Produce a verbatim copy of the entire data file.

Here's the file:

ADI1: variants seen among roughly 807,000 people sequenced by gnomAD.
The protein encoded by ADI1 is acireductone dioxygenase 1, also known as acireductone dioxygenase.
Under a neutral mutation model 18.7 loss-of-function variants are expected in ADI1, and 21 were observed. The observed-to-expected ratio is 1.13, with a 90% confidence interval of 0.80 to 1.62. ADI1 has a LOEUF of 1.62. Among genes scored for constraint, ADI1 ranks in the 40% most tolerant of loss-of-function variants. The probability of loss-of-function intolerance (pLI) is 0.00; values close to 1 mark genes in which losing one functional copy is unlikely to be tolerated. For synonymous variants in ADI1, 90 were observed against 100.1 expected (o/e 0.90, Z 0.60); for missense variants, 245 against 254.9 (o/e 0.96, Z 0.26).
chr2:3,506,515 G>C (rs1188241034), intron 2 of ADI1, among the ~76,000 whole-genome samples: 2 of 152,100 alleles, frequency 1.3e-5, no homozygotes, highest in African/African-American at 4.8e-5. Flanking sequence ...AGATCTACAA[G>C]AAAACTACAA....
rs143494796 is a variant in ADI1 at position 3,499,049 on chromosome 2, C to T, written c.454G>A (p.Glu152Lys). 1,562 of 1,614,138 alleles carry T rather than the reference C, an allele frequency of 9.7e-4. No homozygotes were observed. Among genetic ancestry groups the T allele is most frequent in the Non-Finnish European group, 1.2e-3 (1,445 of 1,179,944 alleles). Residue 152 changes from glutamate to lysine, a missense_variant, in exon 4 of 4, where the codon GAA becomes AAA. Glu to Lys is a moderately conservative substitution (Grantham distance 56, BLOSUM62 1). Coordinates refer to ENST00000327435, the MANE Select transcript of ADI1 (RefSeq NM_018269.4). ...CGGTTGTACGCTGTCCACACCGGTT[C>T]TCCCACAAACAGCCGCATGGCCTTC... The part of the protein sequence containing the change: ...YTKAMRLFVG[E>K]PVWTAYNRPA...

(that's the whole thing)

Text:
ADI1: variants seen among roughly 807,000 people sequenced by gnomAD.
The protein encoded by ADI1 is acireductone dioxygenase 1, also known as acireductone dioxygenase.
Under a neutral mutation model 18.7 loss-of-function variants are expected in ADI1, and 21 were observed. The observed-to-expected ratio is 1.13, with a 90% confidence interval of 0.80 to 1.62. ADI1 has a LOEUF of 1.62. Among genes scored for constraint, ADI1 ranks in the 40% most tolerant of loss-of-function variants. The probability of loss-of-function intolerance (pLI) is 0.00; values close to 1 mark genes in which losing one functional copy is unlikely to be tolerated. For synonymous variants in ADI1, 90 were observed against 100.1 expected (o/e 0.90, Z 0.60); for missense variants, 245 against 254.9 (o/e 0.96, Z 0.26).
chr2:3,506,515 G>C (rs1188241034), intron 2 of ADI1, among the ~76,000 whole-genome samples: 2 of 152,100 alleles, frequency 1.3e-5, no homozygotes, highest in African/African-American at 4.8e-5. Flanking sequence ...AGATCTACAA[G>C]AAAACTACAA....
rs143494796 is a variant in ADI1 at position 3,499,049 on chromosome 2, C to T, written c.454G>A (p.Glu152Lys). 1,562 of 1,614,138 alleles carry T rather than the reference C, an allele frequency of 9.7e-4. No homozygotes were observed. Among genetic ancestry groups the T allele is most frequent in the Non-Finnish European group, 1.2e-3 (1,445 of 1,179,944 alleles). Residue 152 changes from glutamate to lysine, a missense_variant, in exon 4 of 4, where the codon GAA becomes AAA. Glu to Lys is a moderately conservative substitution (Grantham distance 56, BLOSUM62 1). Coordinates refer to ENST00000327435, the MANE Select transcript of ADI1 (RefSeq NM_018269.4). ...CGGTTGTACGCTGTCCACACCGGTT[C>T]TCCCACAAACAGCCGCATGGCCTTC... The part of the protein sequence containing the change: ...YTKAMRLFVG[E>K]PVWTAYNRPA...